What should you do if you have gums recession?
If you have gums recession, there are some steps you can take to help protect your teeth. The most important thing is to brush and floss regularly (or using an electric toothbrush). For people with receding gums, use a soft-bristled toothbrush so as not to irritate sensitive tissues further. Brushing before bed is also recommended because that’s when plaque has more time to accumulate. This plaque can harden into tartar overnight, which makes it harder for your brush or floss to remove in one pass.
Prevention is key – it’s never too late to take action.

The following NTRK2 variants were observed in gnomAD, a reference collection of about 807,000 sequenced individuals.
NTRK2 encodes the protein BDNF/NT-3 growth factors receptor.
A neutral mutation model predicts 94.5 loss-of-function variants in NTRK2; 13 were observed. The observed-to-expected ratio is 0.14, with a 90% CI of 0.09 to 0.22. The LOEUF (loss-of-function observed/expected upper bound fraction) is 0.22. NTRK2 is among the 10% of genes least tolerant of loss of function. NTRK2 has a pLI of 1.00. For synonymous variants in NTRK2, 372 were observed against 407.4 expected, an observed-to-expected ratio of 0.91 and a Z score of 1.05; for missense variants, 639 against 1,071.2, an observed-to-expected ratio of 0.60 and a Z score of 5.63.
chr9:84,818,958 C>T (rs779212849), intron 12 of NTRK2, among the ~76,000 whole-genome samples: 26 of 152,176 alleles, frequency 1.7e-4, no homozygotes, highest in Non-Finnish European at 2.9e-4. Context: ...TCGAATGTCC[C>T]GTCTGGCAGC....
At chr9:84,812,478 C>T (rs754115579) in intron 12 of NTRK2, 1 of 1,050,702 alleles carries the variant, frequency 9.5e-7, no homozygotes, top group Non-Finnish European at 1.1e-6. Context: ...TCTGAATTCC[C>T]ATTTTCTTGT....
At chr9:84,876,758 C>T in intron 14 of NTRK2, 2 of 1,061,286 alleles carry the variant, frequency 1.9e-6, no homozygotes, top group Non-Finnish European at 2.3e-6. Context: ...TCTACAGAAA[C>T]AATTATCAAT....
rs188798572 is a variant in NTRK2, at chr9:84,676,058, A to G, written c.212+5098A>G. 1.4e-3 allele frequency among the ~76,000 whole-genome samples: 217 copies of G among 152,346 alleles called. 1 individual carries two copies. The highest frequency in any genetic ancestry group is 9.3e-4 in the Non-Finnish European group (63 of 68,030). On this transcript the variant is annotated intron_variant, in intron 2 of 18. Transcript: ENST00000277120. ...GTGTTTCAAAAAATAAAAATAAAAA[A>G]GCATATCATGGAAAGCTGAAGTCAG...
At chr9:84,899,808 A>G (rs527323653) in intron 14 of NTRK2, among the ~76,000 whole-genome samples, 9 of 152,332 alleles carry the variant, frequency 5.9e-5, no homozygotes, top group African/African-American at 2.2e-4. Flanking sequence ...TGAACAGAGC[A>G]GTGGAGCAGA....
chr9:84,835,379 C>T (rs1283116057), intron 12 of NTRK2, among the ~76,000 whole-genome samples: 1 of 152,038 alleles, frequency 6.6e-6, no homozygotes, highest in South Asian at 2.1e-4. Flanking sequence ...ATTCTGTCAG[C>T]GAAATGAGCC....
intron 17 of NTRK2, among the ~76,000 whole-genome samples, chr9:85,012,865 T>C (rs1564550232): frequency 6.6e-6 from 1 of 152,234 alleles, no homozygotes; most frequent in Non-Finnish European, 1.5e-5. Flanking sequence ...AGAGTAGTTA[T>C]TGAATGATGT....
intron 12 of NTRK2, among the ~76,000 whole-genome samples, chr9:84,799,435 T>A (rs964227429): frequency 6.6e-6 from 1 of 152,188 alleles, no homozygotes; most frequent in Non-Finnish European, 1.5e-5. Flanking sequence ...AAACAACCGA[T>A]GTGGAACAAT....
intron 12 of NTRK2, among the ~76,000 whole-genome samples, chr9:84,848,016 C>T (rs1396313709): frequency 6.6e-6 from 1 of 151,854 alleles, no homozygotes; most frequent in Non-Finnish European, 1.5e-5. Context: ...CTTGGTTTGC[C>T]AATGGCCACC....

If you already have gums recession, there are steps you can take to slow down or prevent further receding. If you’re in your 40s or older, ask your dentist about recession-proofing your gums. Retaining as much gum tissue as possible—particularly around teeth prone to recession—can make a world of difference later on. Once gums recession has occurred and teeth have started to shift forward (even slightly), root planning may be able to prevent them from getting worse. The earlier treatment is initiated, however, the better!